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Cortes Island opts in to provincial Short Term rental residence requirement

Requirement ensures that short term accommodation operators live on site
Cortes Island is opting in to a provincial program to require short term accommodation owners to live on site. File photo

Cortes Island has opted in to the province’s Principle Residence Requirement for short term accommodations to help ensure housing is available for the local workforce.

Under the Short Term Rental Accommodations Act, the requirement ensures that short term accommodations can only be operated if the owner lives on the property. The requirement is optional for some communities, while others — including Campbell River — automatically have the requirement in place. Cortes Island director Mark Vonesch said that the move would help protect housing for the island’s workforce, and that a majority of islanders were in favour of more regulations on short term rentals.

“This was based on a really comprehensive survey that was done on Cortes,” said director Vonesch during the Feb. 28 SRD board meeting. “We had 265 people respond and there was a three to one ratio in favour of opting in to this. I think as far as tourism goes, basically every business on Cortes struggles in that capacity because of lack of housing for employees. It’s not going to make a huge difference to the number of new rentals that are available, but it will make some difference.”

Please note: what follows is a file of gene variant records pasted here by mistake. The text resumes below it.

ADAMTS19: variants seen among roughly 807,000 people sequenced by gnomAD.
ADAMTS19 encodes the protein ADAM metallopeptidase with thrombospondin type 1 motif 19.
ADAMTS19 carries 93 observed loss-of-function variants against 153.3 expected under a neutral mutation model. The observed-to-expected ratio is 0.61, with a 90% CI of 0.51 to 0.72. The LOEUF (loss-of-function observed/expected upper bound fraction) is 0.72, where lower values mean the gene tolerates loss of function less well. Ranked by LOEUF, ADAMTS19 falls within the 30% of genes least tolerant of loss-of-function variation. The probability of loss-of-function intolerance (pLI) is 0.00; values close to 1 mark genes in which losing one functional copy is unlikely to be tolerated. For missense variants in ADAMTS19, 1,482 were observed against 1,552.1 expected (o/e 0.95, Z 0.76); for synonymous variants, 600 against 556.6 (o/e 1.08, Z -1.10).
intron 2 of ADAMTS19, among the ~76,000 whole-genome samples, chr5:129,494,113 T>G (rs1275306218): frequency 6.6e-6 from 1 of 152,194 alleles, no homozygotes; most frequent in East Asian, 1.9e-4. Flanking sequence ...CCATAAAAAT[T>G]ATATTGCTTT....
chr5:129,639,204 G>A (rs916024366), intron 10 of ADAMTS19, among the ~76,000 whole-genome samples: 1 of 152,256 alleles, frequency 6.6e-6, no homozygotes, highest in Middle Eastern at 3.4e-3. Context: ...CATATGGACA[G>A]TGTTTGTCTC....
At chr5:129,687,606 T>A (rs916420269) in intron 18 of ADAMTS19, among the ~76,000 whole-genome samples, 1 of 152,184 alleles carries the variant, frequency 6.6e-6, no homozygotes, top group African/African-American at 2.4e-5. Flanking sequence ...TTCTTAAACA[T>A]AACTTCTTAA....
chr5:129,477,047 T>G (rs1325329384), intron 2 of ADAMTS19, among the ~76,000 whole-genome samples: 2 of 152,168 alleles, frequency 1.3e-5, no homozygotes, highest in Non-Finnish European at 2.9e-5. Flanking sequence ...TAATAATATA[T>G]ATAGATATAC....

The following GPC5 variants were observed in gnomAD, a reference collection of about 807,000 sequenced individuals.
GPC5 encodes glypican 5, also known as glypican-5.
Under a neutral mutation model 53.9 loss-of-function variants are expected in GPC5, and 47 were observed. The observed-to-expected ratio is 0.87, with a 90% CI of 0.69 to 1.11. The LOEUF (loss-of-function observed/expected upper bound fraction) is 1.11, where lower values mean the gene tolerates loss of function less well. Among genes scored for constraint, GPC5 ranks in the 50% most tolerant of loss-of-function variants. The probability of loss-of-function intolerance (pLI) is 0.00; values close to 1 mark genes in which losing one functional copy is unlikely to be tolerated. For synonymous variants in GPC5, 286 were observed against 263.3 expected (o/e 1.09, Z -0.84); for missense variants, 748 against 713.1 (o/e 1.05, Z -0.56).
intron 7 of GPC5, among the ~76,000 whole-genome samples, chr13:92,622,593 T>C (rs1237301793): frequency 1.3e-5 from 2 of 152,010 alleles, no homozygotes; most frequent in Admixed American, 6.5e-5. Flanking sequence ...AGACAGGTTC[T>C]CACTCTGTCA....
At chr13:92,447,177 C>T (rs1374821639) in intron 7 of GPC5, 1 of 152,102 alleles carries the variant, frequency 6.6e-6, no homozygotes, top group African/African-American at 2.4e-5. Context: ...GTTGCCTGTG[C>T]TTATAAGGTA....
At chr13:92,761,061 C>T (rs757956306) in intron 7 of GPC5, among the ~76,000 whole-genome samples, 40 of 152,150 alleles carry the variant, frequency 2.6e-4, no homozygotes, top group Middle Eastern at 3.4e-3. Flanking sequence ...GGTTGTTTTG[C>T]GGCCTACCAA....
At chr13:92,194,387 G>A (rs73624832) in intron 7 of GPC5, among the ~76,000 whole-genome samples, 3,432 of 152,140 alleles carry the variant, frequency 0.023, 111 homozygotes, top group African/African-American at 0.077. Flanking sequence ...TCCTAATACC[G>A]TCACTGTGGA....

The requirement will come in to effect on May 1 for applicable communities. These communities either have a population of 10,000 or more, or are in close proximity to one of these communities. If a community has a rental vacancy rate of 3 per cent or more for two consecutive years, they can apply to opt out of the requirement.

Municipalities with populations under 10,000 are exempt from the requirement, but can opt in. Regional district electoral areas are also exempt.

Vonesch said that people on Cortes were concerned that “there is the sentiment on Cortes that if you live in Victoria and decide to buy a piece of land on Cortes, you don’t want to live on it and keep it empty that you either need to rent it out or use it for family members. It can’t just be used as a business,” Vonesch said. “

The act was introduced in October with the goal of giving local governments stronger tools to enforce short term rental bylaws. It increases fines and tickets, as well as establishes provincial oversight of short-term rentals.

Quadra Island director Robyn Mawhinney asked that the electoral area committee invite a representative from the province to its next meeting so she can learn more about the program and how it might apply to her community.

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